Keurig Just Got a Devastating Reality Check

February 3rd 2016

Laura Donovan

Coffee company Keurig is in big trouble again.

The brand, which is reliant on strong holiday sales, saw a 7 percent dip in holiday sales in 2015, making it the sixth straight quarter of decreased sales, Keurig Green Mountain reported on Monday. With lower unit sales and price mark downs, brewer and accessory net sales have fallen more than $60 million "during the period compared to a year ago," BuzzFeed News reported.

In the three months ending on December 26, Keurig sold 4.1 million brewers, a drop from 4.5 million during the same time frame in 2014. In its most recent corporate filing, the company wrote that "increasing competition among pod manufacturers may result in price compression and the loss of licensing or manufacturing rights to brands."

Keurig quarter sales

As ATTN: has noted before, however, Keurig has come under fire in recent years for the well-known environmental threat its famous K-cups pose. Last year, Keurig machine owners took to the internet to heavily criticize the Keurig 2.0 device, which wasn't compatible with My K-Cup refillable pods, a cost-saver that enables customers to buy coffee grounds from other brands and not just Keurig authorized brands. Reusable pods are also better for the environment.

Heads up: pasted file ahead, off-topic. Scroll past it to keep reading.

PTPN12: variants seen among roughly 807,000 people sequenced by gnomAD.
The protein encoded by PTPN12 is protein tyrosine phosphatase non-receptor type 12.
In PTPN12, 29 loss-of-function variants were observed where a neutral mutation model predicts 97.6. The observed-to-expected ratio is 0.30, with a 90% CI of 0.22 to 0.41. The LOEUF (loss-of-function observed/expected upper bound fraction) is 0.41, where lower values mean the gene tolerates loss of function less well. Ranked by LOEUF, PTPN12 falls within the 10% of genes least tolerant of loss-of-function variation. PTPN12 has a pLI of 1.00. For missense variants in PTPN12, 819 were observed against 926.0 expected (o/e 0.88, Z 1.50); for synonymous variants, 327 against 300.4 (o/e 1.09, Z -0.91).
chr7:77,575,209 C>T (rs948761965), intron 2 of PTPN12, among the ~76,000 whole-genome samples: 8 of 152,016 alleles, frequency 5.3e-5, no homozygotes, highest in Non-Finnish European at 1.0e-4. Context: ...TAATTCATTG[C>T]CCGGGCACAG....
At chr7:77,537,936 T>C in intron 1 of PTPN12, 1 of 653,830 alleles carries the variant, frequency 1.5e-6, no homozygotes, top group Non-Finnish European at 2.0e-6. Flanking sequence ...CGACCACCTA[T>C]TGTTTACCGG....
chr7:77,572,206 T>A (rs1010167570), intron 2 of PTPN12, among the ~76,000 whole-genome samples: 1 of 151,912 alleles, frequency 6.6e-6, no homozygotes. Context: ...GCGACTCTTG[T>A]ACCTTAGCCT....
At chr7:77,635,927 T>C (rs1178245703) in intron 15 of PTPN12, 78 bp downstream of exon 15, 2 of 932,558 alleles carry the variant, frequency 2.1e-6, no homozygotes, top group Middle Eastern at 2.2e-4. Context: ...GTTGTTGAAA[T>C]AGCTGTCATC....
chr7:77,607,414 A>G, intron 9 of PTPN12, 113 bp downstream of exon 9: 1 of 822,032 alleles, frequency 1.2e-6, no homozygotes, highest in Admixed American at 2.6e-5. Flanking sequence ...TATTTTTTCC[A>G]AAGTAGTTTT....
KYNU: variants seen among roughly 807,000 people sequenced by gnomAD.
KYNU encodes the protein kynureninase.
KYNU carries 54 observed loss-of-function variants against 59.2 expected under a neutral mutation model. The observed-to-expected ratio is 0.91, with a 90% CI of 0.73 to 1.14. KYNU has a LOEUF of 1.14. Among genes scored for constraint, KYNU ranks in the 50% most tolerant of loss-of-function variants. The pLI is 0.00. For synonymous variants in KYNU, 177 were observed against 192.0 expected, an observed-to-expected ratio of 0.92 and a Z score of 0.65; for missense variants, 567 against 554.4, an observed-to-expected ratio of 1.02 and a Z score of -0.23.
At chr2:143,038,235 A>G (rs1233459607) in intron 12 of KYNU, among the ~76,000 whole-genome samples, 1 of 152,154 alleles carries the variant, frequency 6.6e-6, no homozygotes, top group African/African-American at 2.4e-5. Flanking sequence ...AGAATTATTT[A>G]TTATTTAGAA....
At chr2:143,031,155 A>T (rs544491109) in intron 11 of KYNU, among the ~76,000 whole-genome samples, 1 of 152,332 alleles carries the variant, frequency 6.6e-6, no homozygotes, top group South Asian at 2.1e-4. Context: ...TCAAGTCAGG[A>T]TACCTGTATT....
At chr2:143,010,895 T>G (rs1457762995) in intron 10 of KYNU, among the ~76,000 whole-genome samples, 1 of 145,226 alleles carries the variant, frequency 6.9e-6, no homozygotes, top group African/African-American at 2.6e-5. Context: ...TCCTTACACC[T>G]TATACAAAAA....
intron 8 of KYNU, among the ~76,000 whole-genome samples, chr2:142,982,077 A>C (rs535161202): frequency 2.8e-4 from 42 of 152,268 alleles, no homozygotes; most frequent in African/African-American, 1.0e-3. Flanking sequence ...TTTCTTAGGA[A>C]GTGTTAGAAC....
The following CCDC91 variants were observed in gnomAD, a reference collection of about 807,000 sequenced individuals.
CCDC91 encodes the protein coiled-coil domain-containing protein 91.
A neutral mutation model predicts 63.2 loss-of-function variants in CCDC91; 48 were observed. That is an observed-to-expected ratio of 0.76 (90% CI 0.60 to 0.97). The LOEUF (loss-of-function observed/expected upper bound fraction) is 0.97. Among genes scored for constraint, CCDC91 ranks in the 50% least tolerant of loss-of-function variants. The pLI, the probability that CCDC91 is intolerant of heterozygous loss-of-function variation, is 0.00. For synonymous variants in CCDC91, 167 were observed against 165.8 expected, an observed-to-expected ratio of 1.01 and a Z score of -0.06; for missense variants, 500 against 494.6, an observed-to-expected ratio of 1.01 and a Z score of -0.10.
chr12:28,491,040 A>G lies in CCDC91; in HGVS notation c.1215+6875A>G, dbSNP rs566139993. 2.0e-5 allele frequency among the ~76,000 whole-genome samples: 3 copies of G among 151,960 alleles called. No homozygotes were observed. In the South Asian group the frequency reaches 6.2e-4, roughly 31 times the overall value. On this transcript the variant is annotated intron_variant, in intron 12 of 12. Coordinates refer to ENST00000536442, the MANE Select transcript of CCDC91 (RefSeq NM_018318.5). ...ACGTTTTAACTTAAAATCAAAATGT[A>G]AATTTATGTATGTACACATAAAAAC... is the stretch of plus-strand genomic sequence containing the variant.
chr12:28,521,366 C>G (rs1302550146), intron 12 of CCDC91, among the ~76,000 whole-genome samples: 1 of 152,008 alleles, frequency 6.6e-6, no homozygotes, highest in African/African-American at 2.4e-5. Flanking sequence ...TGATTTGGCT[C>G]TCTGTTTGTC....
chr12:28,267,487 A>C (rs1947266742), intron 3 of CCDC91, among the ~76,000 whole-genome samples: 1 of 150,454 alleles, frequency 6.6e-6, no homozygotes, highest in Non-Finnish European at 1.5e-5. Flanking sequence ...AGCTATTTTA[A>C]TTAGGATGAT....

Last March, The Atlantic published an extensive piece on Keurig that revealed billions of K-Cups end up in landfills annually. K-Cups are recyclable, but the process is complicated and many consumers don't even realize recycling them is possible. It is estimated that the number of K-Cups used in 2014 could circle the world more than a dozen times.


John Sylvan, who created the Keurig and was bought out of the company nearly a decade ago, told The Atlantic that he regrets his invention because of its negative environmental impact. Sylvan also said that he doesn't even own a Keurig, as "they're kind of expensive."

"Plus it’s not like drip coffee is tough to make," he added.

Others are voicing how damaging Keurig cups can be to the environment. In January 2015, Eggs Studio CEO Mike Hachey made a video titled "Kill the K-Cup" showing a K-Cup monster hurting people and overtaking an entire city. The clip is meant to be light-hearted but also show just how damaging K-cups can be.

"If you ever find yourself throwing out a K-Cup, and then you remember that 13 billion went into landfills last year, do you feel okay contributing to that?" Hachey said in an interview with The Atlantic. "That's what it comes down to."

Keurig's coffee brand Green Mountain has claimed to work toward sustainability in the brand and even vowed to create a fully recyclable product within the next four years. Until then, however, K-Cups will continue piling up in landfills — as long as people keep buying them.

RELATED: Why Americans Are Slowly Breaking up With Keurig Coffee Cups